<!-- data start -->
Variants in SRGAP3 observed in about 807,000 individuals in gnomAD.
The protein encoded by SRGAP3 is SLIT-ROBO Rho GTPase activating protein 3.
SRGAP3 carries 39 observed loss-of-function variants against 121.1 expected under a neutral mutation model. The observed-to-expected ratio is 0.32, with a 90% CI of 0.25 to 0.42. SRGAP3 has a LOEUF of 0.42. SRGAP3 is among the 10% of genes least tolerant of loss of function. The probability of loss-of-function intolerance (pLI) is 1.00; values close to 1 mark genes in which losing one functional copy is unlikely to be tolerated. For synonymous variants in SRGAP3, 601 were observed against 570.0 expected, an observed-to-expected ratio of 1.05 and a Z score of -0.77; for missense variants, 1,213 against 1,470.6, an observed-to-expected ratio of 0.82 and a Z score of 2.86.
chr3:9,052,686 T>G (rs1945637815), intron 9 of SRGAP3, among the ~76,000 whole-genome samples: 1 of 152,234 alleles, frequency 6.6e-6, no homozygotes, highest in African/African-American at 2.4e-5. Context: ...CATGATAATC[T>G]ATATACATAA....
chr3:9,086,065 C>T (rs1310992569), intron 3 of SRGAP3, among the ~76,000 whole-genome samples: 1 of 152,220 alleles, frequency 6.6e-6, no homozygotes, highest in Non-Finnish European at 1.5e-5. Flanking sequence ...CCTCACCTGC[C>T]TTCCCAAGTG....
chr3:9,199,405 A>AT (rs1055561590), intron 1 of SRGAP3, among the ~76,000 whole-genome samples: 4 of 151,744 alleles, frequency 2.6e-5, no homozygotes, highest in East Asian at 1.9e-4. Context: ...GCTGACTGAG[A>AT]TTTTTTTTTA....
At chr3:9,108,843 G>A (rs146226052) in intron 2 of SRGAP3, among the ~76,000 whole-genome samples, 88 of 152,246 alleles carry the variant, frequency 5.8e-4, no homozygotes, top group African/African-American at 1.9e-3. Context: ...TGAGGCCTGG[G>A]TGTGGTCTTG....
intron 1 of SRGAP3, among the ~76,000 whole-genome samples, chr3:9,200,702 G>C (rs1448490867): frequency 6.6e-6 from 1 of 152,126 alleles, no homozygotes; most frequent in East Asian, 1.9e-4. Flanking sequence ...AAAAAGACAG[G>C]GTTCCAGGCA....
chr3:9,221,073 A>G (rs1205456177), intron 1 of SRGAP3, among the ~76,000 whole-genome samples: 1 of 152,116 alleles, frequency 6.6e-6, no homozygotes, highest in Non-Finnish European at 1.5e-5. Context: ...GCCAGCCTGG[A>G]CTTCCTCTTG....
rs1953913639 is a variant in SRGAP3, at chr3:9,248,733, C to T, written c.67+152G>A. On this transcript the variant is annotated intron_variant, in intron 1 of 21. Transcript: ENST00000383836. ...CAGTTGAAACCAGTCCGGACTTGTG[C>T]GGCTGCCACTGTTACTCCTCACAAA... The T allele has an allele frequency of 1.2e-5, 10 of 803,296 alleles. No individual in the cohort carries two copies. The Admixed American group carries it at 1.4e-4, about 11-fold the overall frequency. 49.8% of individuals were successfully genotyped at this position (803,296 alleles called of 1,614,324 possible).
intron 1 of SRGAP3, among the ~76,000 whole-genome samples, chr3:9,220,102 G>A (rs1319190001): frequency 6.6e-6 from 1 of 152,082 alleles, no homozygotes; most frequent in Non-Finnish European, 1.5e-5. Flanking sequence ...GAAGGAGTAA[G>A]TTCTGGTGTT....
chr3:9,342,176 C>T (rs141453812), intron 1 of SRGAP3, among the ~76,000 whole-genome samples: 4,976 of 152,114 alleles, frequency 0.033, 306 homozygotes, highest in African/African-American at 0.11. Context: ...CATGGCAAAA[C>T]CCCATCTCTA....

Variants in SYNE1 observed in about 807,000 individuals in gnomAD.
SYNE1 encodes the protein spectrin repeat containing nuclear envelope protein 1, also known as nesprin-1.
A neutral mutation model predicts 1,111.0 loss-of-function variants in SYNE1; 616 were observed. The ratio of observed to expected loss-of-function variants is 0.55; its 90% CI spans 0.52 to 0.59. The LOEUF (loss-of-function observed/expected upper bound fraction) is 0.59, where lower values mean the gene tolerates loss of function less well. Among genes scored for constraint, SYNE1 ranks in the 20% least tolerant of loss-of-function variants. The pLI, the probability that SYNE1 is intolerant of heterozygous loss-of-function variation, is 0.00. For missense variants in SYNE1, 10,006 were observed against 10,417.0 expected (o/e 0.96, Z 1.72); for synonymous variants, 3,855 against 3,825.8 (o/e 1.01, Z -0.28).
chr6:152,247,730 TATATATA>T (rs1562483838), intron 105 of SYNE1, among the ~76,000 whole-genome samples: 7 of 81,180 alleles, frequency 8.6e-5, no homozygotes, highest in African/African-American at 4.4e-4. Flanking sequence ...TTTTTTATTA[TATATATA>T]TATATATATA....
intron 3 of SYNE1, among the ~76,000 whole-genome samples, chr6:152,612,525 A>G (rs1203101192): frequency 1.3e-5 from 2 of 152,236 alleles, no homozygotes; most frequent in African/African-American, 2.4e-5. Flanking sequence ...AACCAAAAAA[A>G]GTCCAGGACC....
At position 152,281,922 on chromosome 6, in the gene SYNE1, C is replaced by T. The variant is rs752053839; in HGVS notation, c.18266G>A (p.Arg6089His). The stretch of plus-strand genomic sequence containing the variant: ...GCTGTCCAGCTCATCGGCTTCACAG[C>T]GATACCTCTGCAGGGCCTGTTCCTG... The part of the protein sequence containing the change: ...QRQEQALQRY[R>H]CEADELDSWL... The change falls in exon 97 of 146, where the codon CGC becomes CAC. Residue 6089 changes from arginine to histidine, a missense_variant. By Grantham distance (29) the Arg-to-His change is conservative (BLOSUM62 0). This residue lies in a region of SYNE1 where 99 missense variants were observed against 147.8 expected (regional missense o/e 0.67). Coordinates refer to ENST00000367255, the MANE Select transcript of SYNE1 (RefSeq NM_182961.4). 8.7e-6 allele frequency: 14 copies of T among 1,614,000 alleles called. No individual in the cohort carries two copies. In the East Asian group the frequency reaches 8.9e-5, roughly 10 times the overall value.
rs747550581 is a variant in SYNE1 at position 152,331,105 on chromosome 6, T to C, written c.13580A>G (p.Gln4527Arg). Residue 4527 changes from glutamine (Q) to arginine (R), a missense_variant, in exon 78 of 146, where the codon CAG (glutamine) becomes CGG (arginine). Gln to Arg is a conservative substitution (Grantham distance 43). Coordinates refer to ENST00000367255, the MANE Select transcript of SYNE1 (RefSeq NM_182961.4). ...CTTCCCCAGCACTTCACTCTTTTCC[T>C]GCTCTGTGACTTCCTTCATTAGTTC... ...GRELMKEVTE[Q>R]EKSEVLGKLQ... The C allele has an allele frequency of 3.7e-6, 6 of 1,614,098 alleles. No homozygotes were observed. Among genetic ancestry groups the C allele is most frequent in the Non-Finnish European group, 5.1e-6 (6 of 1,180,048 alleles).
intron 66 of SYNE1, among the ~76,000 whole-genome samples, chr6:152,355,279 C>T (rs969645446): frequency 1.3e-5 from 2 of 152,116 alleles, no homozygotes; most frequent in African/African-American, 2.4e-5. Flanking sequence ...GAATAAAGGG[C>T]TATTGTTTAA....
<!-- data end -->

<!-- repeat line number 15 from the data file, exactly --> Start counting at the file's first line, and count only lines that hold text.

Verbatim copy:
A neutral mutation model predicts 1,111.0 loss-of-function variants in SYNE1; 616 were observed. The ratio of observed to expected loss-of-function variants is 0.55; its 90% CI spans 0.52 to 0.59. The LOEUF (loss-of-function observed/expected upper bound fraction) is 0.59, where lower values mean the gene tolerates loss of function less well. Among genes scored for constraint, SYNE1 ranks in the 20% least tolerant of loss-of-function variants. The pLI, the probability that SYNE1 is intolerant of heterozygous loss-of-function variation, is 0.00. For missense variants in SYNE1, 10,006 were observed against 10,417.0 expected (o/e 0.96, Z 1.72); for synonymous variants, 3,855 against 3,825.8 (o/e 1.01, Z -0.28).